Indigenous Sovereignty: Activism and the Imagination
Free Public Lecture
Theatre B, Ground Floor
2017 Returning Harvard Chair of Australian Studies Lecture
The recent Uluru Statement from the Heart (May 2017) and the Final Report of the Referendum Council (June 2017), the result of dialogues across Aboriginal Australia, are significant expressions of a rapidly evolving discourse on sovereignty in Australia. For some groups and individuals, pursuing Aboriginal sovereignty has been the only basis on which Indigenous rights can be properly pursued. The original crime on which white Australia is founded is the violent imposition of sovereignty, without cession or extinguishment.
For other Aboriginal activists and intellectuals, thinking in terms of sovereignty has been a delusion or ‘injusticeable’; Aboriginal rights are to be pursued through existing institutions of the law and government. Currently these strands within Aboriginal political life are being transformed by the discourse of Makarrata (truth-telling and agreement) and constitutional recognition of a ‘First Nations Voice'.
As someone who spent decades working in Aboriginal politics in Central and Northern Australia, Alexis Wright has been an activist for Aboriginal sovereignty but has carried this commitment into the literary sphere. Her novel The Swan Book (2013) is a futuristic meditation on the limits of sovereignty from an Indigenous perspective: what if national borders disappear under the rising waters of global warming? What if national governments are superseded by global rule? What if the social contract that holds sovereignty intact through institutions collapses in anarchy? The Swan Book explores these scenarios, including Indigenous leadership, in a complex interplay of utopian and dystopian modes.
Although in recent years there has been development in ideas such as republics of letters and world literary systems, within these models of literary governance, citizenship and mobility, the question of sovereignty has been largely absent. This lecture argues that Alexis Wright’s work is an instance of how the literary imaginary can address real world issues of Indigenous rights and national sovereignty within the Indigenous world novel.
Presented by the Australian Centre with the Harvard University Committee on Australian Studies, and the Harvard Club of Victoria.
Professor Philip Mead, Chair of Australian Literature
Professor Philip Mead
Chair of Australian Literature
University of Western Australia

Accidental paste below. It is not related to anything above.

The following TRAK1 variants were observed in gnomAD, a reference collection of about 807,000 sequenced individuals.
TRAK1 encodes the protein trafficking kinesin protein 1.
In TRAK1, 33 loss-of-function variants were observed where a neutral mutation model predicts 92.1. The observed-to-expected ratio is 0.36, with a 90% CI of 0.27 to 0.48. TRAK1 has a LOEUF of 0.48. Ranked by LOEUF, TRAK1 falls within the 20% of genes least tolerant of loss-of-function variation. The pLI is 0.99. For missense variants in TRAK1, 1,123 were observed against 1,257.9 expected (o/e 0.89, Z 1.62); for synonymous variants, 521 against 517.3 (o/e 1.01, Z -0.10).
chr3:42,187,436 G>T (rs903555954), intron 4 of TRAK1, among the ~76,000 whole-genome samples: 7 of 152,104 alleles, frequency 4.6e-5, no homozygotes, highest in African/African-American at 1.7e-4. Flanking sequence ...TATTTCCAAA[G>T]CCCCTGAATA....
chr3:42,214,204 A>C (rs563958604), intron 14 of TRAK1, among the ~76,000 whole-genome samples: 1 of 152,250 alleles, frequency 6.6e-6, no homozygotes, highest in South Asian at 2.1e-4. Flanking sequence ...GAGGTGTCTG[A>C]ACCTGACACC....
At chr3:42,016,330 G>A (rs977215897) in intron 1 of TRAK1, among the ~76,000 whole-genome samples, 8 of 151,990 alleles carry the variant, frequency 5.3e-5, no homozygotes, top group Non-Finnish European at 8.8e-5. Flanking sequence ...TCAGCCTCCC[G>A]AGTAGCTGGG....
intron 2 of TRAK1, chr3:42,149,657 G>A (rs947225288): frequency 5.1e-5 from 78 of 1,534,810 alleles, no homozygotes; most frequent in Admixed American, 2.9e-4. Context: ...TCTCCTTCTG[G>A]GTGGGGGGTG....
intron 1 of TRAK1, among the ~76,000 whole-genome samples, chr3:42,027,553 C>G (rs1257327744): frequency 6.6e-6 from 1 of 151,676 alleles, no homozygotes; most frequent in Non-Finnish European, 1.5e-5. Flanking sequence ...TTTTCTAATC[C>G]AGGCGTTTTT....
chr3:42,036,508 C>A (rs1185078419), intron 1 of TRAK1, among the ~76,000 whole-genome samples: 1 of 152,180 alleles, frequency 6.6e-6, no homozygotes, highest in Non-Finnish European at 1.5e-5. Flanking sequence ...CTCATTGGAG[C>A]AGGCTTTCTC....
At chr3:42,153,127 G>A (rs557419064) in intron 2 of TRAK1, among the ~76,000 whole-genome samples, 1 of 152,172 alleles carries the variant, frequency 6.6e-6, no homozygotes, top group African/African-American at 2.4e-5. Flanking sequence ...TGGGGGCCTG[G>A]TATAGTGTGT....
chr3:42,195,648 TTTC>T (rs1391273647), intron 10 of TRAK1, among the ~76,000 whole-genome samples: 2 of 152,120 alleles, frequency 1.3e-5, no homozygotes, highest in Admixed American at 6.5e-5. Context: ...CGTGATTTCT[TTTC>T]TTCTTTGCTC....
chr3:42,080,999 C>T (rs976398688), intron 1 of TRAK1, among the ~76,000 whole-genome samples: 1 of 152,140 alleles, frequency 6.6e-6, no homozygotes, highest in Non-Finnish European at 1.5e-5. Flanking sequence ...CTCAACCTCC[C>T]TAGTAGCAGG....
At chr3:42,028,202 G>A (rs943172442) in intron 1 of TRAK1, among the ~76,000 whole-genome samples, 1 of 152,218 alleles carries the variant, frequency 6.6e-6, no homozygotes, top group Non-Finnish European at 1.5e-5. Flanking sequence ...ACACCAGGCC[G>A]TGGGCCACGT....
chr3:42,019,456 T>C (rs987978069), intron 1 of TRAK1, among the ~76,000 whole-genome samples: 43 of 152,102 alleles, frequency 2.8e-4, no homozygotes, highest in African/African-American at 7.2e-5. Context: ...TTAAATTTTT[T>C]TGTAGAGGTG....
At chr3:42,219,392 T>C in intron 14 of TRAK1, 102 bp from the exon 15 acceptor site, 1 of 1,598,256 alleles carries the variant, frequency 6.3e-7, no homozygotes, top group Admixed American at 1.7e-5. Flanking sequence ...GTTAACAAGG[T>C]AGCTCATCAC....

**Philip Mead** is a graduate of ANU (BA Hons), of La Trobe University (MA) and of The University of Melbourne (Ph.D, Dip.Ed.). From 1987 to 1994 he was Lockie Fellow and Senior Lecturer in Creative Writing and Australian Literature in the English Department, University of Melbourne, and from 1995 to 2009, Senior Lecturer and Associate Professor in English at the University of Tasmania. Since 2009 Philip has been the inaugural, federally endowed Chair of Australian Literature at the University of Western Australia, and Director of the Westerly Centre. In 20092010 Philip was also Ludwig HirschfeldMack Visiting Chair of Interdisciplinary Australian Studies, at the Free University, Berlin and in 20152016 was Gough Whitlam and Malcolm Fraser Visiting Professor of Australian Studies at Harvard University. In 2009 his book *Networked Language: History & Culture in Australian Poetry* (Australian Scholarly Publishing, 2009) was shortlisted for the Association for Australian Literature’s Walter McRae Russell Award, and in 2010 it won the New South Wales Premier’s Prize for Literary Scholarship. In 2011 he coedited, with Brenton Doecke and Larissa McLean Davies, *Teaching Australian Literature: from classroom conversations to national imaginings* (AATE/Wakefield). During his time at Harvard, Philip completed three book projects which are currently in press: *Antipodal Shakespeare: Remembering and Forgetting in Britain, Australia and New Zealand, 19162016* (with Gordon McMullan; Arden Bloombury); *The Social Work of Narrative: human rights and the cultural imaginary* (ed. with Gareth Griffiths; Ibidem/Columbia University Press); and *The Literature of Tasmania: a brief introduction* (Fullers Publishing). Philip’s research is at the intersections of national and transnational literary studies, cultural history and theory, poetics, literary education, and digital humanities. He has received and led numerous nationally competitive research grants including the ALTC funded project, ‘Australian Literature Teaching Survey’ (2009) and the ARC Discovery Project grant for 20102012, ‘Monumental Shakespeares: an investigation of transcultural commemoration in 20thcentury Australia and England.’ Philip is also a CI on the ARC Discovery Project grant for 201619, 'Investigating literary knowledge in the education of English teachers' (with Larissa McLean Davies and Lyn Yates, University of Melbourne, Brenton Doecke, Deakin University, and Wayne Sawyer, Western Sydney University). He is on the board of management of the ARC LIEF funded AustLIt consortium and is also currently an Australasian team leader for the German BMBF (German Federal Ministry of Education and Research)/DAAD (German Academic Exchange Service)funded, and University of Tübingenled, International Thematic Network 'Literary Cultures of the Global South' (201518) which includes participants and partners in Germany, Africa, Latin America, India and Australasia. Philip is a member of the Australian Research Council’s College of Experts, and a Fellow of the Australian Academy of Humanities.